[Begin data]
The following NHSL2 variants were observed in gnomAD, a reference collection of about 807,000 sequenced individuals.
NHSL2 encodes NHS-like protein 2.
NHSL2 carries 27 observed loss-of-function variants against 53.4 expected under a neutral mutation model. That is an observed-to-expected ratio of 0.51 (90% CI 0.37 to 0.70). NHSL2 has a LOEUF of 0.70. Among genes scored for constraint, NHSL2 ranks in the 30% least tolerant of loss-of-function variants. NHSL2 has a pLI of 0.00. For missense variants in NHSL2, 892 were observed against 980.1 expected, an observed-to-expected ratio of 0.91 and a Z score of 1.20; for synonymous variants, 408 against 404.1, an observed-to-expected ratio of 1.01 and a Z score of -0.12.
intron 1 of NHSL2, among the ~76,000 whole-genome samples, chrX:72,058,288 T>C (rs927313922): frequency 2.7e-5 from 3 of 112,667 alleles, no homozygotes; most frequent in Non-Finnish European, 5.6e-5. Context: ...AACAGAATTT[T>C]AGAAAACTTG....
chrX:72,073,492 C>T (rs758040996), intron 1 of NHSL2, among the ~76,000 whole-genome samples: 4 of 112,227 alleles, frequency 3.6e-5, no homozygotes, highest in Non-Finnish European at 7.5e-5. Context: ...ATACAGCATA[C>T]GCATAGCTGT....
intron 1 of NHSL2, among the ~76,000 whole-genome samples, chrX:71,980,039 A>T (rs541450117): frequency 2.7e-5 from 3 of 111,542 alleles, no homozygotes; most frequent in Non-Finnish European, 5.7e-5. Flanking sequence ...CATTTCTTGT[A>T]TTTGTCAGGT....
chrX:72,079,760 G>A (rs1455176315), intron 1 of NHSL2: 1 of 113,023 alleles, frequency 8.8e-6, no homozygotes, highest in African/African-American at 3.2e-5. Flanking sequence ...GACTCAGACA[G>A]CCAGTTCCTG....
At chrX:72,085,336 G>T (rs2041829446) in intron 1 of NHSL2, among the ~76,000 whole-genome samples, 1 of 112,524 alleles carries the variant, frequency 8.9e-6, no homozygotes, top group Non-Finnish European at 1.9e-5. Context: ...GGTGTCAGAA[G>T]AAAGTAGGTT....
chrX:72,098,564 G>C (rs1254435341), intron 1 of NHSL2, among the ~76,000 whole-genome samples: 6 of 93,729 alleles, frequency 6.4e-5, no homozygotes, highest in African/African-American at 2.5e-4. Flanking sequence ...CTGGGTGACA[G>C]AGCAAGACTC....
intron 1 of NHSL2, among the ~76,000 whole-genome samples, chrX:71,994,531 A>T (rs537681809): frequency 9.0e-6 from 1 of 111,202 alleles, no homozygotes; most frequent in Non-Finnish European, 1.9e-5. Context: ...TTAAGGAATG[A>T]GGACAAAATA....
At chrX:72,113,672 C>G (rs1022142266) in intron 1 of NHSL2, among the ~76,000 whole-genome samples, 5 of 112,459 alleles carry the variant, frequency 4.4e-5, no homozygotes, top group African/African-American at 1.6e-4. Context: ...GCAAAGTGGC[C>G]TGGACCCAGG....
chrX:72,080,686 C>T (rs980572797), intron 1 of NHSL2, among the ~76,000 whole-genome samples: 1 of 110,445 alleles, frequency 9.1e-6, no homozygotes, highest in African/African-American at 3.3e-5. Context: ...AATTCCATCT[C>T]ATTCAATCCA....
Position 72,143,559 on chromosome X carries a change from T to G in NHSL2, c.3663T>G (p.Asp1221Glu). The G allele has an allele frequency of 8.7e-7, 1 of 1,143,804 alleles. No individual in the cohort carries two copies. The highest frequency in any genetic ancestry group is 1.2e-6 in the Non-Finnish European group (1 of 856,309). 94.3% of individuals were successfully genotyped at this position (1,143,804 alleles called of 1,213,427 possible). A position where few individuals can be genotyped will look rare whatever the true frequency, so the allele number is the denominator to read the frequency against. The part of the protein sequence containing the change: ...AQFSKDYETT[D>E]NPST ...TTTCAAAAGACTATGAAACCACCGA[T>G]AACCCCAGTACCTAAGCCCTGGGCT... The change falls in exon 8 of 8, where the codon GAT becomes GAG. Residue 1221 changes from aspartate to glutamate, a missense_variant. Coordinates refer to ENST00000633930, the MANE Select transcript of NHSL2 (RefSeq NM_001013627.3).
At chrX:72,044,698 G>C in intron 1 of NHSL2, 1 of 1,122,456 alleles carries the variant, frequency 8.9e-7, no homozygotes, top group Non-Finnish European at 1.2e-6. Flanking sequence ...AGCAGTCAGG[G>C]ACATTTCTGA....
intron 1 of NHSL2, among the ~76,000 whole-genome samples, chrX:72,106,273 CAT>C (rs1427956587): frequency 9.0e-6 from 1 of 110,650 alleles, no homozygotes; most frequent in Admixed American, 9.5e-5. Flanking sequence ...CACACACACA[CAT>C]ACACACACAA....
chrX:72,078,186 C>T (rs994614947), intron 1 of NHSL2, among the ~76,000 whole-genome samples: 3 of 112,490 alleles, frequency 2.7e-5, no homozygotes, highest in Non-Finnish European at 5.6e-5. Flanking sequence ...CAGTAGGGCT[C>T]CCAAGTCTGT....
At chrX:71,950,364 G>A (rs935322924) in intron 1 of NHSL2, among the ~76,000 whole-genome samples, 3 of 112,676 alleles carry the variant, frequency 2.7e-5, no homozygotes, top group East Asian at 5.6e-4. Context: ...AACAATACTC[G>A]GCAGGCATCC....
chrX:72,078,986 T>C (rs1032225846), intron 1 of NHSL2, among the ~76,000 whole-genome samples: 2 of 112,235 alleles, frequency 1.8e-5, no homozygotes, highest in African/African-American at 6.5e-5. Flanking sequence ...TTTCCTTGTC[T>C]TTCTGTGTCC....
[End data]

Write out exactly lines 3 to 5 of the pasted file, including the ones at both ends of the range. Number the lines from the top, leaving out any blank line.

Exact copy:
NHSL2 carries 27 observed loss-of-function variants against 53.4 expected under a neutral mutation model. That is an observed-to-expected ratio of 0.51 (90% CI 0.37 to 0.70). NHSL2 has a LOEUF of 0.70. Among genes scored for constraint, NHSL2 ranks in the 30% least tolerant of loss-of-function variants. NHSL2 has a pLI of 0.00. For missense variants in NHSL2, 892 were observed against 980.1 expected, an observed-to-expected ratio of 0.91 and a Z score of 1.20; for synonymous variants, 408 against 404.1, an observed-to-expected ratio of 1.01 and a Z score of -0.12.
intron 1 of NHSL2, among the ~76,000 whole-genome samples, chrX:72,058,288 T>C (rs927313922): frequency 2.7e-5 from 3 of 112,667 alleles, no homozygotes; most frequent in Non-Finnish European, 5.6e-5. Context: ...AACAGAATTT[T>C]AGAAAACTTG....
chrX:72,073,492 C>T (rs758040996), intron 1 of NHSL2, among the ~76,000 whole-genome samples: 4 of 112,227 alleles, frequency 3.6e-5, no homozygotes, highest in Non-Finnish European at 7.5e-5. Context: ...ATACAGCATA[C>T]GCATAGCTGT....